A Fulbright Global Scholar Award received by Meagan Driver for the 2023-2024 academic year will support research on how to bring students’ own “linguistic landscapes” into their foreign language classrooms.
Driver, who is an Assistant Professor in the Department of Romance and Classical Studies at Michigan State University and a core faculty member in the Second Language Studies (SLS) Ph.D. Program, will travel to three different cities – Buenos Aires, Argentina; Thessaloniki, Greece; and Graz, Austria – to work with teachers and students in diverse neighborhoods in those locations while surveying the sociopolitical and cultural ideas present in the linguistic landscapes and to determine relevant issues that students care about.
“Linguistic landscape” refers to how language is used in a particular space whether it’s an advertisement, billboard, pamphlet, or even graffiti. Audible language in public spaces, such as protest chants, also is part of one’s linguistic landscape.
“The linguistic landscape can tell you a lot about who is present in a place, how they use the space, and also what kind of needs the community has,” Driver said. “But sometimes not. For example, you could go into a community that you know has a lot of Mandarin speakers and yet there are no signs that are in Mandarin. Or there might be a strong Indigenous community and yet none of the street signs are in tribal language. So, you can look at the linguistic landscape in both ways: what is there and what is missing and should be there.”
“The idea is to see how we can connect language use in the community and in the foreign language classroom, and how to design a curriculum that bridges foreign language in the classroom with the real world.”
Linguistic landscape can be used to shape foreign language curriculum. According to Driver, an exciting part of her Fulbright project will be the opportunity to see how students influence their linguistic landscape. For example, beginning language students might translate street signs, which requires minimum vocabulary skills in their foreign language. Intermediate-level students might make flyers and posters on a particular topic that can be displayed in the community. And an advanced-level class may produce a brochure on medical resources.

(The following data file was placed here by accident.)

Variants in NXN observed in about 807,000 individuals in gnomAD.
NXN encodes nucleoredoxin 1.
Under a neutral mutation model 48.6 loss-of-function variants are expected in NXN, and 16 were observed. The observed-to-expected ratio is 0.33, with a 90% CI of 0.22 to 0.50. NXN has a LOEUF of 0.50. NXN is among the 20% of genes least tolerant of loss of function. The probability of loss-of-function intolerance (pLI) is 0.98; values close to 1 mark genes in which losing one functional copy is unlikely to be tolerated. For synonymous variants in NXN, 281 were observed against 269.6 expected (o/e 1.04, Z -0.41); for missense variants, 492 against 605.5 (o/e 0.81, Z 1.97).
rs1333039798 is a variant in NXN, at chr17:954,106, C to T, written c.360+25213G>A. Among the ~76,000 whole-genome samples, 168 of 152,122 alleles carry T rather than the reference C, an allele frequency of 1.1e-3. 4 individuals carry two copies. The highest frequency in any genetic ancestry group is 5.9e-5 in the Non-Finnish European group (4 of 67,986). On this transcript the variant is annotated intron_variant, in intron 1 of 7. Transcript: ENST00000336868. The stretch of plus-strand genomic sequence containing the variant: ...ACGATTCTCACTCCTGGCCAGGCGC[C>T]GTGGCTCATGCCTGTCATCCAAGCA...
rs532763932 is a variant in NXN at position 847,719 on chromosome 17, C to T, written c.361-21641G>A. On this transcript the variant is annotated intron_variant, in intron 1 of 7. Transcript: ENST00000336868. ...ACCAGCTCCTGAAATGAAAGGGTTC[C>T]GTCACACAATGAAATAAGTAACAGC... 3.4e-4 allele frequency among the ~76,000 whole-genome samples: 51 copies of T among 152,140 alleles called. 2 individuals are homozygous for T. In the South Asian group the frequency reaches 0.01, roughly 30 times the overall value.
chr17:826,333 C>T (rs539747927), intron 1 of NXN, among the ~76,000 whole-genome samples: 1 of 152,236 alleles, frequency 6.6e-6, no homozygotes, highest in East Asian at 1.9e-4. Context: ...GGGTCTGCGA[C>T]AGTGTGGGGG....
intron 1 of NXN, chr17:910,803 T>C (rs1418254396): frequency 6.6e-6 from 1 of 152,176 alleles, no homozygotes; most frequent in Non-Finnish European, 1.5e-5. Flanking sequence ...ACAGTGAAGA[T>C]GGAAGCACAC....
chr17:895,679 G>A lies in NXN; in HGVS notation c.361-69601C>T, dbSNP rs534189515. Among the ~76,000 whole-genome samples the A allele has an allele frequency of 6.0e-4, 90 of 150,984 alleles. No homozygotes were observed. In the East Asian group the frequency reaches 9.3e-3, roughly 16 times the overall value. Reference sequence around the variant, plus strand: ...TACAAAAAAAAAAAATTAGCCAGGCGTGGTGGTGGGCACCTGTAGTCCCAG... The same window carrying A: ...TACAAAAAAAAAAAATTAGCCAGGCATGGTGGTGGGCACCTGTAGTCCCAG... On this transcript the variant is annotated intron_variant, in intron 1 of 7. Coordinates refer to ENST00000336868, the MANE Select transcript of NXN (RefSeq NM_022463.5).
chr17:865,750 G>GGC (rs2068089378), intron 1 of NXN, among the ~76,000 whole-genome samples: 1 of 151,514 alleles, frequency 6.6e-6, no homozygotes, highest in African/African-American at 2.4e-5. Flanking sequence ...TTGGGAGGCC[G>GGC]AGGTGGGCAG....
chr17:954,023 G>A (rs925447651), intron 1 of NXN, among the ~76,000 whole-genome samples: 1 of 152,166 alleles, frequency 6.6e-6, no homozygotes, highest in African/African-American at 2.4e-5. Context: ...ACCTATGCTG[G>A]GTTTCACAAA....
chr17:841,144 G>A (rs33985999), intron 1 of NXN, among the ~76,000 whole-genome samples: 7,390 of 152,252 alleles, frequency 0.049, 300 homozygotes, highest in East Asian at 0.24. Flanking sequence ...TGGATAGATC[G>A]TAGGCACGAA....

“The idea is to see how we can connect language use in the community and in the foreign language classroom, and how to design a curriculum that bridges foreign language in the classroom with the real world,” Driver said. “And how do we develop projects based on how language is actually being used to address critical topics like race, immigration, climate change, gender equality, etc., in university foreign language classrooms. And then, how do we make classroom materials and train teachers to use these materials based on linguistic landscape?”
Driver will be limited to spending two months in each of the three countries and will dedicate her time to research, working with teachers in classrooms, and providing talks and workshops at each location.
When she returns to Michigan, she plans to use her research to redesign some of the curriculum in MSU’s language programs and/or implement different activities and projects in foreign language classes. She also is hoping her Fulbright project will result in the creation of a website with a teacher training module and resources available to anyone.
“The idea is that any kind of language teacher training program could go on the website to obtain materials to train their own instructors,” Driver said, “and they would also have the pedagogical materials that we designed to create their own activities and projects in their language programs to make use of or adapt as they like.”
The Road to MSU
Driver, who joined the MSU faculty in Fall 2020, was born in Queens, New York, and grew up as a heritage speaker of Spanish in rural Pennsylvania. Her mother and grandparents are from Argentina. She also speaks French, understands Italian, and is currently studying modern Greek and American Sign Language.